On June 1, 1960, Lyrian Barry-Stallings, a 5-foot-tall Black woman, boarded a Greyhound bus in Columbus to get to St. Louis, Missouri. She vanished, never to be seen at her destination or have further contact with her family.
Her missing persons case is among the profiles of hundreds of people in a searchable online database created by a Mississippi State University forensic anthropologist who hopes to help law enforcement find them and give their loved ones closure.
“(This is) to allow the public access to missing persons data so the state of Mississippi and anyone in Mississippi could find anyone who was missing in this state and information for families to advocate for them,” said Jesse Goliath, an assistant professor in the Department of Anthropology and Middle Eastern Cultures.
The Mississippi Repository for Missing and Unidentified Persons, launched in November, includes pictures, demographic information, where they were last seen and circumstances of their disappearance.
Since its launch, the database has profiles for 475 missing people and 51 profiles for unidentified remains.
Black and Indigenous people and people of two or more races are among the majority of missing people in Mississippi, which Goliath said mirrors national trends.
The database shows the average missing age was around 34.
Among the unidentified, the majority are white men and the average estimated age is around 28.
Cases in the database stretch back decades and the oldest unidentified case is of a Black woman between the ages of 30 and 40 whose skeletal remains were found in Natchez in May 1967.
People went missing or remains were uncovered mostly from population centers such as Jackson, the Coast, outside of Memphis and Hattiesburg, but there are cases from all over the state.
Before the database, Goliath said it wasn’t clear how many missing and unidentified people there are in Mississippi.
There are national databases, like the National Missing and Unidentified Persons System, but because law enforcement isn’t required to submit information to it, there is likely underreporting, he said. The National Crime Information Center collects information from law enforcement and compiles annual statistics about missing and unidentified people, but it has had challenges with receiving quality data that is often incomplete, too.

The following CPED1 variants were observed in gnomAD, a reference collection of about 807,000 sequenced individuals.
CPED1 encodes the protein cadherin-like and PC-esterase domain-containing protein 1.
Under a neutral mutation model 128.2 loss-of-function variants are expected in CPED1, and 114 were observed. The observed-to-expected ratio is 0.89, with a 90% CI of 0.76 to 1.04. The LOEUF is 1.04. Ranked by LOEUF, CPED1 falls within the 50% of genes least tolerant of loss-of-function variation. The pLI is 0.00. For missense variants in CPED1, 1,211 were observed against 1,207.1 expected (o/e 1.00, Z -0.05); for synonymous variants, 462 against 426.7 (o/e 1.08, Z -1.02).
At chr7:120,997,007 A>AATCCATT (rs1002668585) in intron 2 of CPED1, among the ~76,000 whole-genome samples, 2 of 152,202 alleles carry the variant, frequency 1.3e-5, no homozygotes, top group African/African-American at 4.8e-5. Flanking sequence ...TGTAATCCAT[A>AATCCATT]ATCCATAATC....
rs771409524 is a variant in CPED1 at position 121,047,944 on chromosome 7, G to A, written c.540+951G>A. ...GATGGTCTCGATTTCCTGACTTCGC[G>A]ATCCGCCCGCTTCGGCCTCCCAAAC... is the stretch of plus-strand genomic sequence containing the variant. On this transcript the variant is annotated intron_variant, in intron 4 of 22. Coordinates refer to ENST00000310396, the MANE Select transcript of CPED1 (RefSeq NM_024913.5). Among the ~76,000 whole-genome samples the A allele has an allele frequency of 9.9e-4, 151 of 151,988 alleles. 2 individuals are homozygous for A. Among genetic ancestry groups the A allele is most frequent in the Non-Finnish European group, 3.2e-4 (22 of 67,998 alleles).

Goliath has spoken with members of law enforcement about how a database could be helpful to solve missing persons cases. He has found that there’s not always enough staff dedicated to locating missing people, or there is a lack of communication between law enforcement agencies.
When someone goes missing, the local law enforcement agency will submit information to the Mississippi Bureau of Investigation to put out a missing persons alert on its emergency system that has the ability to be broadcast statewide, a spokesperson from the agency said.
This can also include posting the missing person’s picture and information on social media, which would originate from the law enforcement agency where the person was filed missing.
The main way Goliath has found out about missing people is through Facebook when law enforcement post an alert and information about someone or posts from nonprofit advocacy groups such as MissingSippi and Mississippi Missing and Unidentified Persons.
“The more eyes, the more awareness these cases get,” he said about supporting the groups’ work.
Undergraduate student workers scan social media to find information about missing and unidentified people to add to the database, Goliath said. Family members have also reached out to ask the team to include their loved one or to update their profile already included in the database, he said.
Goliath said the goal is to update the database every few weeks.
The database is modeled after one in Louisiana, which is based at Louisiana State University and is also run by forensic anthropologists.
Goliath said one of the goals of a Mississippi database is to build something lawmakers can support and create policy around, such as mandatory reporting to the database by law enforcement.
He and Assistant Professor Jordan Lynton Cox plan to use the database for research. He is interested in why people from certain demographics go missing compared to others.
With Cox, a cultural anthropologist, they want to map food deserts, hospitals and areas of poverty to find where people are missing from the most in Mississippi.
They also want to look at law enforcement budgets to see if the offices have the overall funding and resources and support to work in missing persons cases. Goliath wants to know if there are more people missing from areas with departments that are under budgeted.
He used his forensic skills for the Defense POW/MIA Accounting Agency, the goal of which is to identify all remains of soldiers missing since World War II and return them home to their families. Goliath said the agency is the biggest employer and trainer of forensic anthropologists.
At MSU, he is able to teach and research and occasionally the anthropology department is called to assist in missing persons cases, such as the exhumation in Pontotoc County of Felecia Cox – who had been missing since 2007 and was located after her killer, David Cox, told attorneys where to find her before his 2021 execution for killing his estranged wife Kim Kirk Cox, and sexually assaulting her young daughter as her mother lay dying. Felicia Cox was the wife of David Cox’s brother.
Goliath said the The Bureau of Indian Affairs has contacted the department to go into a creek with cadaver dogs to look for a missing woman from the Neshoba area.
He also is called when bones are recovered and people want to know whether they belong to a human or an animal.
“We’re all in this together in finding these people,” Goliath said about his forensic anthropology work.
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